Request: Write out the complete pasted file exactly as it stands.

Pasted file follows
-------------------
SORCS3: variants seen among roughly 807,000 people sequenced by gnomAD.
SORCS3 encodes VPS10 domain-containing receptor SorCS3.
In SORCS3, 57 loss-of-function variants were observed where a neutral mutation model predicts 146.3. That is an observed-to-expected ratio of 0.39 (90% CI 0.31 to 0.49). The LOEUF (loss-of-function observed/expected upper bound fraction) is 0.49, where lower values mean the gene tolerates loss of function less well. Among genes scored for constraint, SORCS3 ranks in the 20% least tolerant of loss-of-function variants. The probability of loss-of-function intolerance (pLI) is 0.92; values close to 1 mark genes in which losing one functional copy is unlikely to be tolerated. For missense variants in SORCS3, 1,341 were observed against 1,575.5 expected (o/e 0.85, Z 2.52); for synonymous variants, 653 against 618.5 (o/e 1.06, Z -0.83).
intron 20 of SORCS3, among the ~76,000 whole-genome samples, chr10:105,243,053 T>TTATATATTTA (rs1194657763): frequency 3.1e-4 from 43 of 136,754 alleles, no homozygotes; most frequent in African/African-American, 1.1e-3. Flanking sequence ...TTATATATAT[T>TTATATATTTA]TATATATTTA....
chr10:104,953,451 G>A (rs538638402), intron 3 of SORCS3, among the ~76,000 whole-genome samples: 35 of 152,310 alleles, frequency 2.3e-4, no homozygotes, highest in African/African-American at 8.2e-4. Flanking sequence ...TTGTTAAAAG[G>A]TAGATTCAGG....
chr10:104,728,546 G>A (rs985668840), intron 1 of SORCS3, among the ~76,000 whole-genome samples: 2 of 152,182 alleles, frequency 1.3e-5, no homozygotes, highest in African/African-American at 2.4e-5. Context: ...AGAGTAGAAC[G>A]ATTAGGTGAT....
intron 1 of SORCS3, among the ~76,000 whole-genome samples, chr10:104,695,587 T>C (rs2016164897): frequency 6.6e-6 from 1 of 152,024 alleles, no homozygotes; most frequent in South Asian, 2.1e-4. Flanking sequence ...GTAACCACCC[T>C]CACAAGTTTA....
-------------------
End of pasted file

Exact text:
SORCS3: variants seen among roughly 807,000 people sequenced by gnomAD.
SORCS3 encodes VPS10 domain-containing receptor SorCS3.
In SORCS3, 57 loss-of-function variants were observed where a neutral mutation model predicts 146.3. That is an observed-to-expected ratio of 0.39 (90% CI 0.31 to 0.49). The LOEUF (loss-of-function observed/expected upper bound fraction) is 0.49, where lower values mean the gene tolerates loss of function less well. Among genes scored for constraint, SORCS3 ranks in the 20% least tolerant of loss-of-function variants. The probability of loss-of-function intolerance (pLI) is 0.92; values close to 1 mark genes in which losing one functional copy is unlikely to be tolerated. For missense variants in SORCS3, 1,341 were observed against 1,575.5 expected (o/e 0.85, Z 2.52); for synonymous variants, 653 against 618.5 (o/e 1.06, Z -0.83).
intron 20 of SORCS3, among the ~76,000 whole-genome samples, chr10:105,243,053 T>TTATATATTTA (rs1194657763): frequency 3.1e-4 from 43 of 136,754 alleles, no homozygotes; most frequent in African/African-American, 1.1e-3. Flanking sequence ...TTATATATAT[T>TTATATATTTA]TATATATTTA....
chr10:104,953,451 G>A (rs538638402), intron 3 of SORCS3, among the ~76,000 whole-genome samples: 35 of 152,310 alleles, frequency 2.3e-4, no homozygotes, highest in African/African-American at 8.2e-4. Flanking sequence ...TTGTTAAAAG[G>A]TAGATTCAGG....
chr10:104,728,546 G>A (rs985668840), intron 1 of SORCS3, among the ~76,000 whole-genome samples: 2 of 152,182 alleles, frequency 1.3e-5, no homozygotes, highest in African/African-American at 2.4e-5. Context: ...AGAGTAGAAC[G>A]ATTAGGTGAT....
intron 1 of SORCS3, among the ~76,000 whole-genome samples, chr10:104,695,587 T>C (rs2016164897): frequency 6.6e-6 from 1 of 152,024 alleles, no homozygotes; most frequent in South Asian, 2.1e-4. Flanking sequence ...GTAACCACCC[T>C]CACAAGTTTA....